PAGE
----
UW Surgery Flashcards Preview

Block A (IM + Surg) > UW Surgery > Flashcards

Flashcards in UW Surgery Deck (639)
Loading flashcards...
1

Patient got in a car accident and has blunt abdominal trauma. You do a FAST exam (ultrasound) and it shows no pericardial effusion, but intraperitoneal fluid. Next best step?

Emergent laparotomy

(Do NOT do a CT scan- you don’t have that kind of time. They are bleeding internally in their abdomen area and you need to stop that bleeding with surgery ASAP)

2

Which bone tumor has a “soap-bubble” appearance?

Giant cell tumor

3

What is a cholesteatoma?

Mass of keratin debris in the middle ear—> conductive hearing loss

*Rinne: bone conduction> air conduction
*Weber: louder on affected side (bc the obstruction blocks out background noise)

4

Elderly patient has sensorineural hearing loss in left ear, feels off balance, loss of feeling on left face. Diagnosis?

**Sensorineural hearing loss=
Rinne: air conduction > bone conduction
Weber: louder on good ear side

Vestibular Schwannoma

-unilateral hearing loss with imbalance (CN 8 dysfunction) + decreased facial sensation (CN 7 dysfunction)
(“7 heaven and 8 gate” affects the cerebellarpontine angle and presses on CN 7 and 8)

5

Elderly woman has frequent urges for bowel movements and small-volume stools or mucus. When bearing down, a red mass with concentric rings protrudes through the anus and then retracts back. Diagnosis?

Rectal prolapse

-rectum protrudes through anal orifice
-it is associated with fecal incontinence, constipation, and/or mucus discharge

6

Risk factors for rectal prolapse?
How do we treat it?

Risk factors: vaginal delivery, pelvic surgery/ dysfunction, chronic constipation/ straining, and dementia or stroke

Treatment: high fiber diet, pelvic floor exercises, possibly surgical repair

7

Boy had an appendectomy 3 days ago. Now has jaundice, but LFTs and physical exam are normal. Most likely reason for his jaundice?

Gilbert syndrome

-decreased UGT conjugating activity in the liver during times of stress-> jaundice w/o symptoms

8

Does PE, atelectasis, and pleural effusion cause respiratory acidosis or alkalosis?

All cause respiratory alkalosis

Due to compensatory tachypnea (you start breathing rapidly to compensate for the thing causing you to be SOB)

9

How do you calculate A-a gradient? What number is normal?

A-a gradient= PAO2- PaO2 (oxygen in alveoli minus oxygen in the capillary...tells you how good the gas exchange is)

Normal A-a is <15
(Values increase with age, but >30 is a high A-a gradient no matter the age)

10

What is organomegaly?

Enlargement of organs

11

Woman has pain in LLQ. She hasn’t had a recent bowel movement, but is passing gas. She also has mild urinary urgency and positive leukocyte esterase but negative nitrites. Diagnosis?

Diverticulitis

Low fiber, high red meat diet, smoking—> parts of mucosa + go through muscularis propria of the bowel and protrude out—> outpouchings called diverticulosis—> they get inflamed—> diverticulitis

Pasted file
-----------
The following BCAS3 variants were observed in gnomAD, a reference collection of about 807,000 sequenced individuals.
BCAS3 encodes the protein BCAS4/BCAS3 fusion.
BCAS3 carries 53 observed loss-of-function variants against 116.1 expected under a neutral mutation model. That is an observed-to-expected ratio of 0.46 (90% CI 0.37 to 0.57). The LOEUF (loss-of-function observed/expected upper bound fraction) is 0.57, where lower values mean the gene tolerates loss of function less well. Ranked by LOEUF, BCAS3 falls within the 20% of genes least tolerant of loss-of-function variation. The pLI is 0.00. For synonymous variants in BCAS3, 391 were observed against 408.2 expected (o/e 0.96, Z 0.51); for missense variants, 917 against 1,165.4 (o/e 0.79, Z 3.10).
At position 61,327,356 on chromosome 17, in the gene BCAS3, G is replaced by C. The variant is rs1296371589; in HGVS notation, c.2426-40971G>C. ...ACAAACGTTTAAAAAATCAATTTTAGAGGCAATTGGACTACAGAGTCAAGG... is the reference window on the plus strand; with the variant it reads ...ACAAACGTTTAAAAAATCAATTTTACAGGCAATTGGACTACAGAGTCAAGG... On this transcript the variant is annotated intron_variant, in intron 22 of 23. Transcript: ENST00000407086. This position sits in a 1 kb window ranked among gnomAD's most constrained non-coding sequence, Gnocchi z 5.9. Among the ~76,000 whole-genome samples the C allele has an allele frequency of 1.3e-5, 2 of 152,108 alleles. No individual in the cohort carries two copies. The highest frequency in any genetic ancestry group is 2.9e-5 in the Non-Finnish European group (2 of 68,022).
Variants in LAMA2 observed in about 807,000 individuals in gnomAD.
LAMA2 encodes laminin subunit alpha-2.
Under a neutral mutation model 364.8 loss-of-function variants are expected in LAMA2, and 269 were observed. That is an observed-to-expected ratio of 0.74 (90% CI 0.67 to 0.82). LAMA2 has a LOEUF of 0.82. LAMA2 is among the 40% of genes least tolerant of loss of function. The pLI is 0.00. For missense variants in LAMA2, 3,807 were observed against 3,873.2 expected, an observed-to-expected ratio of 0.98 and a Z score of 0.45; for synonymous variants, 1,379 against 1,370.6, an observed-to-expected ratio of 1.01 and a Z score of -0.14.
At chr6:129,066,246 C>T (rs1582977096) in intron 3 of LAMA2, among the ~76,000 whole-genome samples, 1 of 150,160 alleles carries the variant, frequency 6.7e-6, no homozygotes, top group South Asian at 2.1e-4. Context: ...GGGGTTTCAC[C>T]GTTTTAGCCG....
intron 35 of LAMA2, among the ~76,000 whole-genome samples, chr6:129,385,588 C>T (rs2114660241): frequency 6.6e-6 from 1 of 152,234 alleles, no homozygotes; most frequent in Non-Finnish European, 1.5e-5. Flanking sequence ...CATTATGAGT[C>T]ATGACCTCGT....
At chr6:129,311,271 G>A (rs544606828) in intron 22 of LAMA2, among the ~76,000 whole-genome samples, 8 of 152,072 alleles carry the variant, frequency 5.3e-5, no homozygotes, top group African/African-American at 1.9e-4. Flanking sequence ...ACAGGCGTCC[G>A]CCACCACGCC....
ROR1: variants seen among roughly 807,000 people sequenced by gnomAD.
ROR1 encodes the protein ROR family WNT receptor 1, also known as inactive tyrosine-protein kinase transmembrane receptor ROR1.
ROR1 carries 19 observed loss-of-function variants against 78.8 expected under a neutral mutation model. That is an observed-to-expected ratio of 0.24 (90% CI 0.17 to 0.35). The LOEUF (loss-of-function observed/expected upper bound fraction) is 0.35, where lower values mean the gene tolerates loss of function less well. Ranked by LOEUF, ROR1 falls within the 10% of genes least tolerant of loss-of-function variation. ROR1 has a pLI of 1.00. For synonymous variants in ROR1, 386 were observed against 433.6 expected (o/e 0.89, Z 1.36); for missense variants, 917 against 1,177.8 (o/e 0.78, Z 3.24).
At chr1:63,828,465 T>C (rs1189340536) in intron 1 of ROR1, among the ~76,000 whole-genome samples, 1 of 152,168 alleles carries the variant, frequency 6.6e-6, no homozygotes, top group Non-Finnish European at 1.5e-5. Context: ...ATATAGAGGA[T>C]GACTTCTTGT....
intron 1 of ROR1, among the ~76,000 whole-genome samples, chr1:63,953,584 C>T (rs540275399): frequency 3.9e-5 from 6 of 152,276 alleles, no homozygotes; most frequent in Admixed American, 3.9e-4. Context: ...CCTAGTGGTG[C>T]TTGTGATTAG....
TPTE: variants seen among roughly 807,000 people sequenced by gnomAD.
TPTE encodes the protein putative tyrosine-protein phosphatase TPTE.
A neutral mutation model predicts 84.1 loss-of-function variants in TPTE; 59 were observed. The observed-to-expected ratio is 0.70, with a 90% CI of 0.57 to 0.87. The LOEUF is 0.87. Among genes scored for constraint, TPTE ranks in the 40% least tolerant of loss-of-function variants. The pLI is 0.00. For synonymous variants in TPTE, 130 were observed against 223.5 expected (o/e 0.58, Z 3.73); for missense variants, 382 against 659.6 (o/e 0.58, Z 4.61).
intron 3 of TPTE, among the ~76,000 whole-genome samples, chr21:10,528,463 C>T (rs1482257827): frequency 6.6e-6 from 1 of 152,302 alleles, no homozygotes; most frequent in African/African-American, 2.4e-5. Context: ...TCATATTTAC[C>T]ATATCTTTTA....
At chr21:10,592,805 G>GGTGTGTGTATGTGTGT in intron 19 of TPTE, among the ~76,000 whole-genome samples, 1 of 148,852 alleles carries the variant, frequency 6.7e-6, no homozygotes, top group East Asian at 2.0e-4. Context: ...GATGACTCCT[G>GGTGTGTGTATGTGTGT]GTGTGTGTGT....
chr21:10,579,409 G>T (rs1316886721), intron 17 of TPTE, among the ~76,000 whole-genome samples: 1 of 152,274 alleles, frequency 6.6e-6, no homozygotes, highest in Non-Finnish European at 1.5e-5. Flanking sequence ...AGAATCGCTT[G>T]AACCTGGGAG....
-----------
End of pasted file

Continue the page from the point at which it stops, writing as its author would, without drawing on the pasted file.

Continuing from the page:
*bladder irritation can occur with diverticulitis due to the close proximity of the sigmoid colon

12

Is diverticulosis usually symptomatic?

No

Diverticulosis is usually asymptomatic, but 5-15% of patients develop diverticula bleeding or diverticulitis

13

Most common cause of lower extremity edema?

Venous valvular incompetence

(Backflow of blood—> increased hydrostatic pressure—> fluid leakage out of capillaries into interstitial tissue)

14

Patients with puncture wounds through the foot are at risk for osteomyelitis caused by what organsim?

Pseudomonas

15

Patient has abdominal pain and dissension. Has had watery diarrhea for several days, but no bowel movement since yesterday. Recently was hospitalized and treated for an ulcer. He has high WBC, fever, tachy, and X-ray shows dilation of the colon. Diagnosis?

C diff—> toxic megacolon (complication)

-recent antibiotics at the hospital for ulcer-> c diff w/ watery diarrhea
-symptoms of toxic megacolon: systemic toxicity (fever, low BP, tachy, lethargy), abdominal dissension and pain, leukocytosis, and large bowel dilation
-treatment: bowel rest, NG tube, aggressive c diff therapy (oral Vanco + Metronidazole)

16

Why do we hyperventilate patients (on a ventilator) with high ICP (intracranial pressure)?

Hyperventilation-> blow off more CO2-> less CO2 in blood (CO2= vasodilator of cerebral vasculature)-> cerebral vasoconstriction= dec cerebral blood flow= dec ICP

*key points:
(1) hyperventilate patients with ICP to reduce intracranial pressure
(2) decreased CO2 in blood= decreased cerebral blood flow= decreased ICP

17

Old man has lower abdominal pain, loss of appetite, and constipation. This morning, he had sudden, severe lower abdominal pain that gradually involved the whole abdomen and vomiting. He has a fever, decreased bowel sounds, grading, rebound tenderness. Diagnosis?

Diverticulitis-> diverticulum perforation

-common symptoms of diverticulitis: vague lower abdominal pain, anorexia, constipation

-all this + fever and peritonitis (guarding and rebound tenderness)= diverticular perforation
*free air can be seen on abdominal imaging (X-ray, CT)

18